Our letters to the editor section is at maximum capacity. And it will likely be so until the upcoming general election has passed. It is a forum for public opinion and we are committed to maintaining the broadest boundaries when it comes to what is allowed in the section, as “opinion.”
We emphasize “opinion” because there are a few readers who cannot distinguish opinion from factual content and, thus, tend to avoid opinion.
Pity. Since a weekly perusal of opinions, from a variety of writers with varying abilities, is not only entertaining, but informative and necessary.
In this political season, as in any, the trap door opens on either side of the political spectrum, and out come the characters. And they make claims and, in particular, use labels that are, to say the least, extreme and misleading.
We also witness the arrival of oh-so-delicate folks whose rare sensibilities are bruised by expressions of extreme, and generally unfounded, opinion. Frequently, the protest rides on the back of self-aggrandizing moralism — expressions of condescending individuals, sure of their intellectual and ethical superiority. But, even then, the complaints about publication of extreme, biased and skewed opinions make a point. One we share … to a point.
We have often dedicated this space to a plea for civility in political and social discourse. We will continue to press for civility. To this extent, we agree with protests aimed at the publication of offensive opinions.
At the same time, however, we are realistic.
First, we realize that an offended party takes in opinions via a particular frame of reference. Put simply: that which offends is usually that with which one does not agree.
Second: The notion that American political discourse has ever been civil is misguided, the product of a poor understanding of our history. It has never been civil and has often been less civil than now. And it occurs at all levels. Take, for example a familiar tactic: the use of emotionally-loaded labels to defame an opposing point of view and candidate. Regarding national politics we read that a candidate is a “Marxist, a “Communist” when, in fact, he is traditionally liberal, with no connection to extreme ideology. Remember FDR and Kennedy? Communists? Please.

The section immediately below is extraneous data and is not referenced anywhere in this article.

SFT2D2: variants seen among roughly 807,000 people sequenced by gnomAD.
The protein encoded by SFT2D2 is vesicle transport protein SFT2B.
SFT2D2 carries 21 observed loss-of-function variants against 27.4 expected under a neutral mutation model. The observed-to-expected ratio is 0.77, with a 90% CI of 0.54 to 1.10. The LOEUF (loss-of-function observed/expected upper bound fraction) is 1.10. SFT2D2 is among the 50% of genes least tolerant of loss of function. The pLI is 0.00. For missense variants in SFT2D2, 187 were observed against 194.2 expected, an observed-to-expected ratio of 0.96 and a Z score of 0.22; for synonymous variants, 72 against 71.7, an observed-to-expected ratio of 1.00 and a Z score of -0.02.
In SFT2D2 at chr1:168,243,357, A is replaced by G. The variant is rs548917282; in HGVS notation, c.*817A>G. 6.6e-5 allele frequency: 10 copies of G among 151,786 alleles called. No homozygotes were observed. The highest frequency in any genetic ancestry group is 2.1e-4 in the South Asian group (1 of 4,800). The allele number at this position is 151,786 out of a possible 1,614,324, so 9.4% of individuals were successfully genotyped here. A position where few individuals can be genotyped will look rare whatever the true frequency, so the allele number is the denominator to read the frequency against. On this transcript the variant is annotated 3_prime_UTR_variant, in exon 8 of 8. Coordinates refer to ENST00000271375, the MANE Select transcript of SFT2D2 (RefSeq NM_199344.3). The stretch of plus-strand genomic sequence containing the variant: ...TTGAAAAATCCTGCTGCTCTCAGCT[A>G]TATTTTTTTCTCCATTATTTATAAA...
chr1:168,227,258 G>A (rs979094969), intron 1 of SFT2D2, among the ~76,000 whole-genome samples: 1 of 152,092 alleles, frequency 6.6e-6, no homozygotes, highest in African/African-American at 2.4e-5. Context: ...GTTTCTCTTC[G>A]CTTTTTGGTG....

And it happens at the local level. Take for example, a campaign officer for a local candidate pasting the label of “real estate developer” on an opponent, hoping to keep readers from realizing the candidate has, in fact, a record of government finance experience that could be of benefit in a situation demanding such expertise — a county in dire need of leaders with financial skills.
Civil, and accurate discourse? In American politics? We can only hope for the day.
So, we are left with two options in this business.
One: Censorship of opinions based on our personal reaction to comments, remembering we, too, cannot escape our frame of reference. This is not acceptable.
Plus, we have reason to pay heed to history when it comes to the opinions of those we oppose. We reject the “out of sight, out of mind” attitude; we see danger when our opponents’ opinions are pushed out of the clear light of day and allowed to fester unexamined.
Our other option: to draw the line at the legal definition of libel. Any missive that crosses that clear line will not find its way to print. Others do not make their way to print due to excess length and lack of a verified author.
We trust in the intelligence of most readers to make sound decisions and we apologize to those delicate souls who cannot tolerate expressions that offend and wish to ban them.
But we will continue to print many extreme expressions, in the hope that others will read them, and heed them, before they become more than opinion.